Contrary to popular belief, I not only can read, but occasionally acquire books and enjoy them. In my travels, when I come across an especially interesting or cool book, I like to pass it on to you fellow horrorhounds. This go round the mulberry bush I’ve come across a neat little book from Peter Pauper Press.
The book is entitled Vampires, Werewolves, Zombies: The Compendium Monstrum. Lucky for you folks I speak pretend Latin and call you that translates roughly to the Monster Encyclopedia. I’ve long been a sucker for reference style books about monsters, dating back to my days of patronizing the tiny Dauphin County East Library as a child. Back then when I was ready to move on from dinosaurs, I happened to find a Paranormal Encyclopedia that tuned me into the wide weird wonders of the world, from chupacabras to moth men to aliens that mated with humans. As an eleven year old, that was close enough to porn to get me to check the book out no fewer than 12 times.
With my history lesson over, we move on to a grander scheme of history in the Compendium. Suzanne Schwalb and Margaret Rubiano painstakingly collected and arrange this book out of the papers of Herr Doktro Max Sturm and Baron Ludwig Von Drang, two of histories most eminent experts on monsters. Their creature descriptions are brought to life through the creepy and informative sketches of Bruce Waldman.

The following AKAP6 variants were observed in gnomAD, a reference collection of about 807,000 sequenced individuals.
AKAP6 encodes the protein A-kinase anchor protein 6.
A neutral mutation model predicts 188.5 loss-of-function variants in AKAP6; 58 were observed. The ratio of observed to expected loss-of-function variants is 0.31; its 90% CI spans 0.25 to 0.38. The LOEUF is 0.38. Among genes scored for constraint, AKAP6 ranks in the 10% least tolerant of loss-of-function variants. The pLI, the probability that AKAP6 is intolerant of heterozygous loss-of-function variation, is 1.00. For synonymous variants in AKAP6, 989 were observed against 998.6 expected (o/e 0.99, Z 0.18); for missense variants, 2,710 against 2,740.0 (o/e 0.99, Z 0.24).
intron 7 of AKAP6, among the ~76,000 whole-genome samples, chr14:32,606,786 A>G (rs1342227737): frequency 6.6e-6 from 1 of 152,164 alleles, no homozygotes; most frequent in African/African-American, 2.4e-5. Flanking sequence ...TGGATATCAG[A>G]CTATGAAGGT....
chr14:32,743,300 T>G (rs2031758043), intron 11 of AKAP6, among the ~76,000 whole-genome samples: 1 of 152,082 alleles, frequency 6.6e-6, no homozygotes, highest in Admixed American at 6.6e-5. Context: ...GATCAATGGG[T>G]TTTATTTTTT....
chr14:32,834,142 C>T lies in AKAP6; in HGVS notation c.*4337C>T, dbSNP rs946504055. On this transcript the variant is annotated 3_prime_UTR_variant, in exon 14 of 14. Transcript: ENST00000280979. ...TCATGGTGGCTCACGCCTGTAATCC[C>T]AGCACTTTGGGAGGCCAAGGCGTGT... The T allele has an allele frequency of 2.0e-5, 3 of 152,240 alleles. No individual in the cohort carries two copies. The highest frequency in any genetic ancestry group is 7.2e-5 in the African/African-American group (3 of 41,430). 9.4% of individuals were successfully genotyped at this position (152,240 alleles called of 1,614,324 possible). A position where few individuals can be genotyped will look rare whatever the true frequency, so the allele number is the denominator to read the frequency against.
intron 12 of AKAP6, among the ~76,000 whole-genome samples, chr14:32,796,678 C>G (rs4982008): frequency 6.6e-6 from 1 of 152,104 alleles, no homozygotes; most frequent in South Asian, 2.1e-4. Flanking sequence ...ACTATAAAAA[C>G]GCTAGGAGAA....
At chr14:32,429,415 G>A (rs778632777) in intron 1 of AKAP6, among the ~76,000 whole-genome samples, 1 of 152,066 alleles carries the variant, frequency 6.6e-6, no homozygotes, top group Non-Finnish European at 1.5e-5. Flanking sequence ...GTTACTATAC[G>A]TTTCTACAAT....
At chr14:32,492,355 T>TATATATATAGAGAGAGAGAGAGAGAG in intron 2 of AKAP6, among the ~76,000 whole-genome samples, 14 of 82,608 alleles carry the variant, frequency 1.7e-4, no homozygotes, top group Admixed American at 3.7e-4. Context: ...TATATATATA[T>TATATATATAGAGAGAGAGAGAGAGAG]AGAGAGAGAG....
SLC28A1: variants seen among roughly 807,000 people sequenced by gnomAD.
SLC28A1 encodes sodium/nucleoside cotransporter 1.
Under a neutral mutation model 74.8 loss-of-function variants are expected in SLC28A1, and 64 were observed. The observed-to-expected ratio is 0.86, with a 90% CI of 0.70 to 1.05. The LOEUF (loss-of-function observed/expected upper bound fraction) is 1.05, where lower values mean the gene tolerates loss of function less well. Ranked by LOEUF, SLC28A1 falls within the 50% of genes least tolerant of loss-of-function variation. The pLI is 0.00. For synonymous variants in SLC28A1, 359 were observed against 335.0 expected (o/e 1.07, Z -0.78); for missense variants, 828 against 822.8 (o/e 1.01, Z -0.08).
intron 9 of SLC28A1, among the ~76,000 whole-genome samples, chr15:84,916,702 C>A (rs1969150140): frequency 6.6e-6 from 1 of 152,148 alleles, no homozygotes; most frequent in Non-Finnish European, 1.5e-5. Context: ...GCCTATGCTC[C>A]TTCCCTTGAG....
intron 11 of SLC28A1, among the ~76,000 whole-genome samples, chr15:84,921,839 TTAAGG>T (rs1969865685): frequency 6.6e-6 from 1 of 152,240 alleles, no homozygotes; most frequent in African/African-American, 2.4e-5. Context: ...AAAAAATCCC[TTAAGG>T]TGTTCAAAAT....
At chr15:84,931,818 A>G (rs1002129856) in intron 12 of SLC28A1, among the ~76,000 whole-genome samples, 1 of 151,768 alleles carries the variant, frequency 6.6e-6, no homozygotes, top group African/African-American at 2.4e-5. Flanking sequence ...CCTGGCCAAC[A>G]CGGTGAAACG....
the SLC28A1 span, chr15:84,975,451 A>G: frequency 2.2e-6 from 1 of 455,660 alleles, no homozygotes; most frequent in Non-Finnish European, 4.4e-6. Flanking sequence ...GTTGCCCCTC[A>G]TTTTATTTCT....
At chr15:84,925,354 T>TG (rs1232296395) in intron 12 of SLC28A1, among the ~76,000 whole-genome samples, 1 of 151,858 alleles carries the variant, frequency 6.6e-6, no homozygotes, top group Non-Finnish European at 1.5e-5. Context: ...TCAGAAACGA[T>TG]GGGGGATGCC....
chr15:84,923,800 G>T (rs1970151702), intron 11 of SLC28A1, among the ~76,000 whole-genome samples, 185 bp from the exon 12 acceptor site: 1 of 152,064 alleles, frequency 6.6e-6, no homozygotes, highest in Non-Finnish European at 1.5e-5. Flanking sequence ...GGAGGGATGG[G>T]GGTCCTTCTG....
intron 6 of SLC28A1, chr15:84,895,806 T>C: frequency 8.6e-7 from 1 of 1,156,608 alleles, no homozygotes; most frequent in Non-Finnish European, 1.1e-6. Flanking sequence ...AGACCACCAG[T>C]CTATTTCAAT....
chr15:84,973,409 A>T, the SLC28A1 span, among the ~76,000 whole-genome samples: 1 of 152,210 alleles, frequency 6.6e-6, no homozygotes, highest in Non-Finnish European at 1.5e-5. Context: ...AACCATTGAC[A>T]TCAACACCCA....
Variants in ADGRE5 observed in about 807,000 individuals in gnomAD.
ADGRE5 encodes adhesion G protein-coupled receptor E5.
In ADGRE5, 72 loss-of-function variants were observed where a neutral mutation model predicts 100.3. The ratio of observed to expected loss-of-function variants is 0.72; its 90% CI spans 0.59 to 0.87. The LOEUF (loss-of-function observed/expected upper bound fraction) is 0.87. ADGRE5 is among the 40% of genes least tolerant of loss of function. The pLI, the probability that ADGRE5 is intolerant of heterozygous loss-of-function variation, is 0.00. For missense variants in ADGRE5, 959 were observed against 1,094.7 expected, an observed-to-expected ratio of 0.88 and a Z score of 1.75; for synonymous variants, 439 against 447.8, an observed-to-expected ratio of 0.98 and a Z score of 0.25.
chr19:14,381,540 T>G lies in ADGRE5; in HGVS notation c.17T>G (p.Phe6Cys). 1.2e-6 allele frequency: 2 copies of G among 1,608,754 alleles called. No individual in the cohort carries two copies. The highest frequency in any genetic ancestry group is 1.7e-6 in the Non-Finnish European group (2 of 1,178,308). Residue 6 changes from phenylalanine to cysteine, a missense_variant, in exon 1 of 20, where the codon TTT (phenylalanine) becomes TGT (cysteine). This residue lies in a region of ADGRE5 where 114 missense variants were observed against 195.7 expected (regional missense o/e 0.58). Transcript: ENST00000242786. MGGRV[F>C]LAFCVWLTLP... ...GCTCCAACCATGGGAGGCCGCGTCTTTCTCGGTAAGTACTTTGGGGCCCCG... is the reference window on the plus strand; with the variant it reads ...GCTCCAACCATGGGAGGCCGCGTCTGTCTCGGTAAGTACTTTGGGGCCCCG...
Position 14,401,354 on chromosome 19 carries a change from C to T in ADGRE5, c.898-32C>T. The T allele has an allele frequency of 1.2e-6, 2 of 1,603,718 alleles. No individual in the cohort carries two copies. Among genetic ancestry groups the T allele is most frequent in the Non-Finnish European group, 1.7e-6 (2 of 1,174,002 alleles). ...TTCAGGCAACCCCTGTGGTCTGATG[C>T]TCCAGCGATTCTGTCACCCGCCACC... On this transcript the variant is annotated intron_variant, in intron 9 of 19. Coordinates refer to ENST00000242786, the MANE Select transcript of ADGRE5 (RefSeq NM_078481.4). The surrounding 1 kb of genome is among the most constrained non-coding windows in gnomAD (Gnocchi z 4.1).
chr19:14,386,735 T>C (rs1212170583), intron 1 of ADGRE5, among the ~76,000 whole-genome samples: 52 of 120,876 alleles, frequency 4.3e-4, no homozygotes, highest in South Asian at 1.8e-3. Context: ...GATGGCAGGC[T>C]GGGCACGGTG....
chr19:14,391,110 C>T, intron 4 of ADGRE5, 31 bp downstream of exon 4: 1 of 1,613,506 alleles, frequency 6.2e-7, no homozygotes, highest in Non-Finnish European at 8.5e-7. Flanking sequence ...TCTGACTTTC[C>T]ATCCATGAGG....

What I love about the book and really enjoy is its presentation. The paper looks aged and the book is compact enough to be stored in a pocket, bound like a moleskine notebook. It includes large, fold out maps and a section in the back for you to fill in your own monster sightings.
Divided into three sections (Vampires, Werewolves, and Zombies) the Compendium alerts you how to identify the threat, provides you with a history, and tells you the best route for defeating your enemy. The book has a playful sense of humor, though the illustrations could find home in any book on the monsters of the world- they’re my favorite part and they’re on more than 50% of the pages.
While Compendium Monstrum isn’t quite the serious monster encyclopedia that I long for, it is a fine addition to my diverse collection of monster reference books. If you are someone you know are into horror movies or classic monsters, Compendium Monstrum is an inexpensive and fun addition to any library.
Because this is still a Coroner’s Report…
Kills: Instructions on how to kill vampires, werewolves, and zombies.
Ills: Plenty of sketches, though nothing to turn your stomach.
Lust: This is an all ages reader, so no.
Learning: Class is in session on monster hunting. Silver is your best friend.
Review: Light hearted, with great presentation and plenty of awesome illustrations.